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speaker, Addington, desiring him to ‘open Mr. Pitt's eyes’ as to the danger of the proposal, though he speaks of Pitt's approval of it as not absolutely certain (Life of Sidmouth, i. 285). On 1 Feb. 1801 he received a letter from Pitt, written the night before, which contained the first intimation from his minister as to the course he intended to adopt. In this letter Pitt stated that he should be forced to resign unless the measure could be brought forward with the king's ‘full concurrence, and with the whole weight of government.’ In reply George offered that if Pitt would abstain from bringing forward the measure, he, for his part, would be silent on the subject, adding, ‘further I cannot go, for I cannot sacrifice my duty to any consideration.’ On 5 Feb. 1801 the king sorrowfully accepted his minister's resignation (Life of Pitt, iii. App. xxiii–xxxii.) During the progress of the correspondence he received a letter from Loughborough written with the object of ingratiating himself. George showed Pitt, in a letter written on 18 Feb., that his esteem for him was unabated. He sent for Addington, who succeeded in forming an administration, but before the new ministers received their seals the worry and excitement of the crisis caused the king another attack of insanity. For some days he dwelt with much agitation on the sacredness of his coronation oath (Life of Sidmouth, i. 286; Malmesbury, iv. 22). On the 15th he took a severe cold; on the 22nd his mental alienation was unmistakable, and on the 23rd he was unconscious until evening, when he said, ‘I am better now, but I will remain true to the church’ (Life of Pitt, iii. 294). On 2 March his disease reached a crisis (Rose, Diaries, i. 325), and from that day he continued to get better. He ordered his physician Willis to write to Pitt on the 6th. ‘Tell him,’ he said, ‘I am now quite well—quite recovered from my illness, but what has he not to answer for who is the cause of my having been ill at all?’ Pitt sent the king an assurance ‘that during his reign he would never agitate the catholic question,’ on which George said, ‘Now my mind will be at ease’ (ib. p. 360; Life of Pitt, iii. 304). On 14 March he received Pitt's resignation with many expressions of kindness, and handed the seals to Addington, whom he styled the next day ‘his own chancellor of the exchequer.’ He also gave the great seal to Eldon, from, as he said, ‘my heart’ (Life of Sidmouth, i. 353; Life of Eldon, i. 368). The excitement of these interviews occasioned a relapse, and he was forced to live for some time in complete seclusion at Kew, under the care of the Willises; he was not sufficiently recovered to be out of their hands until 28 June, when he left for Weymouth. This illness aged him considerably, and it was observed that he stooped more and was less firm on his legs (Malmesbury, iv. 62). In the course of the summer he offered to pay 30,000l. from the privy purse for the settlement of Pitt's debts; this offer was gratefully declined (Rose, Diaries, ii. 214). A wild plot to overturn the government and assassinate the king was discovered in October 1802 [see Despard, Edward Marcus].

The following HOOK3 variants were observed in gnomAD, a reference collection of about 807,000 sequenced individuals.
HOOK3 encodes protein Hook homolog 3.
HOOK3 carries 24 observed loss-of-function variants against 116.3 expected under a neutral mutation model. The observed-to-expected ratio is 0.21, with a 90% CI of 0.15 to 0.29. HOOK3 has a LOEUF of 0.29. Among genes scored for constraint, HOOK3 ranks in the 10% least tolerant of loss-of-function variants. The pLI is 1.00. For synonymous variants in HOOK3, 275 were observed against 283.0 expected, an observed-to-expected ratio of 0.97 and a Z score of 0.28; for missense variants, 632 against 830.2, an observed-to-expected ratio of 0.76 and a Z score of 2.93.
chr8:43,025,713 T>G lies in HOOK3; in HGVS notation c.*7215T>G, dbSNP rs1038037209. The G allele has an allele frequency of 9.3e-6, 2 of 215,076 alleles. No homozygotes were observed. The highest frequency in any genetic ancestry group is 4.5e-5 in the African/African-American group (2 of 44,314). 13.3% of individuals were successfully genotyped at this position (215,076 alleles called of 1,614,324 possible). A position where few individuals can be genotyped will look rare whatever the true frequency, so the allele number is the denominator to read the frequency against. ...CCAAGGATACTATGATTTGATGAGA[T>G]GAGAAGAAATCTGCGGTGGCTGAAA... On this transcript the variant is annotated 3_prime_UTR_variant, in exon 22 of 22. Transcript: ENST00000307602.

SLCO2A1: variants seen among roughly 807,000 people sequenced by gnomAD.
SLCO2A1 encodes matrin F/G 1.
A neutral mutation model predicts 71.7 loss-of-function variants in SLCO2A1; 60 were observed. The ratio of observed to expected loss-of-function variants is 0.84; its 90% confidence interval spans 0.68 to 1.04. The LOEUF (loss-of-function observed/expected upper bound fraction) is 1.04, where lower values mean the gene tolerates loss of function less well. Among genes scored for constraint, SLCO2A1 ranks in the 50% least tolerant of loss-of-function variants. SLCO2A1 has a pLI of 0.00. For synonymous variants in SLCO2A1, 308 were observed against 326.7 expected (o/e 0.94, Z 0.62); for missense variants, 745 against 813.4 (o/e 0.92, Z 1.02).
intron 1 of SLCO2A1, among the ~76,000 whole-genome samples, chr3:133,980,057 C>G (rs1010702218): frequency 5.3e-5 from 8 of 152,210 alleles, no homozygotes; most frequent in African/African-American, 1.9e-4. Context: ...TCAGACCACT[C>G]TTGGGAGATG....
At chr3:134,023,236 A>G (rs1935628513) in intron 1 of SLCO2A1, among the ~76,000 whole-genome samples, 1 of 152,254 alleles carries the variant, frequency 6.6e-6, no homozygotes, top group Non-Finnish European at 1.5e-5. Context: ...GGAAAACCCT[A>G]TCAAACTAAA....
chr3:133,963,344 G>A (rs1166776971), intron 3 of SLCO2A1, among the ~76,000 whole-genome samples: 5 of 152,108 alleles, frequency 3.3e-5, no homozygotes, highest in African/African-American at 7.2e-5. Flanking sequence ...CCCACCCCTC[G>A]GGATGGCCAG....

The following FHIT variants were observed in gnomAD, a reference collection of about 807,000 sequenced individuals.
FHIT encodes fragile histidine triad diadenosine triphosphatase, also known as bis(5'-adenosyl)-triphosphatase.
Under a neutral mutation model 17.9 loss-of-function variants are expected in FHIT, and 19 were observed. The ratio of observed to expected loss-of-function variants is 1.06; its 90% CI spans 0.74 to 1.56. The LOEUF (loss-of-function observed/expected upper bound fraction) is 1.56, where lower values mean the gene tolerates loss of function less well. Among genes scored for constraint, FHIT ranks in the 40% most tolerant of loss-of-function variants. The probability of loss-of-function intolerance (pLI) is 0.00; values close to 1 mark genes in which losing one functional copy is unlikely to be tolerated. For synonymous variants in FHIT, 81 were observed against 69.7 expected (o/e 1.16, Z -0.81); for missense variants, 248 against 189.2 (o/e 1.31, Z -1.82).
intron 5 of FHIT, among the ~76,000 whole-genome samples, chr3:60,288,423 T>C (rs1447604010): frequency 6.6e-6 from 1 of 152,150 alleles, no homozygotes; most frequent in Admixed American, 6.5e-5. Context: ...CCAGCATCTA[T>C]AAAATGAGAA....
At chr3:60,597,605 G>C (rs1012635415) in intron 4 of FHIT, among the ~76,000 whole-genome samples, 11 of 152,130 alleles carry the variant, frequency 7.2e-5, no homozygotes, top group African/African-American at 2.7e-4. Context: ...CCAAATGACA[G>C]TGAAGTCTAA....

George did not expect much from the negotiations with France, and spoke of the peace as ‘experimental’ (Malmesbury, iv. 63, 69; Life of Eldon, i. 398). It is doubtful whether he cordially approved of the tone adopted by his ministers towards France, but the rumour that he regretted Pitt in October was an exaggeration; he was personally fond of Addington, whose character and opinions were in many points like his own; though two years later, after Addington had left office, he came to believe that he had parted with him feeling that he ‘was not equal to the government of the country’ (Rose, ii. 156). Nothing was told him about the negotiations between Pitt and Addington in 1803 until they were ended; then on 20 April Addington informed the king of them, evidently making his own story good, for George was indignant at Pitt's conduct, talked of his ‘putting the crown in commission,’ and said that Pitt ‘carried his plan of removals so extremely far, and so high, that it might reach him’ (Malmesbury, iv. 185). He attributed the attacks made upon the administration to ‘faction.’ On 13 June he heard of the surrender of Hanover to the French, and received the news ‘with great magnanimity and a real kingliness of mind’ (ib. p. 270). During the alarm of invasion on 26 Oct. he held a review of twenty-seven thousand volunteers in Hyde Park; he declared that if the French landed he would meet them at the head of his troops, and drew up a scheme of arrangements to be adopted in case of invasion (Auckland Correspondence, iv. 184). About the middle of January 1804 he caught a severe cold; he had been much annoyed by the conduct of the Prince of Wales in publishing the correspondence of 1803 on the subject of his offer to serve in the army, and this may have made his attack more serious; at all events his mind became again deranged, and for a while his life was in danger. The disease fluctuated a good deal; on 27 Feb. he was sensible, but perfect quiet was necessary for some time longer. His condition prolonged the existence of the administration; the opposition could not let matters con-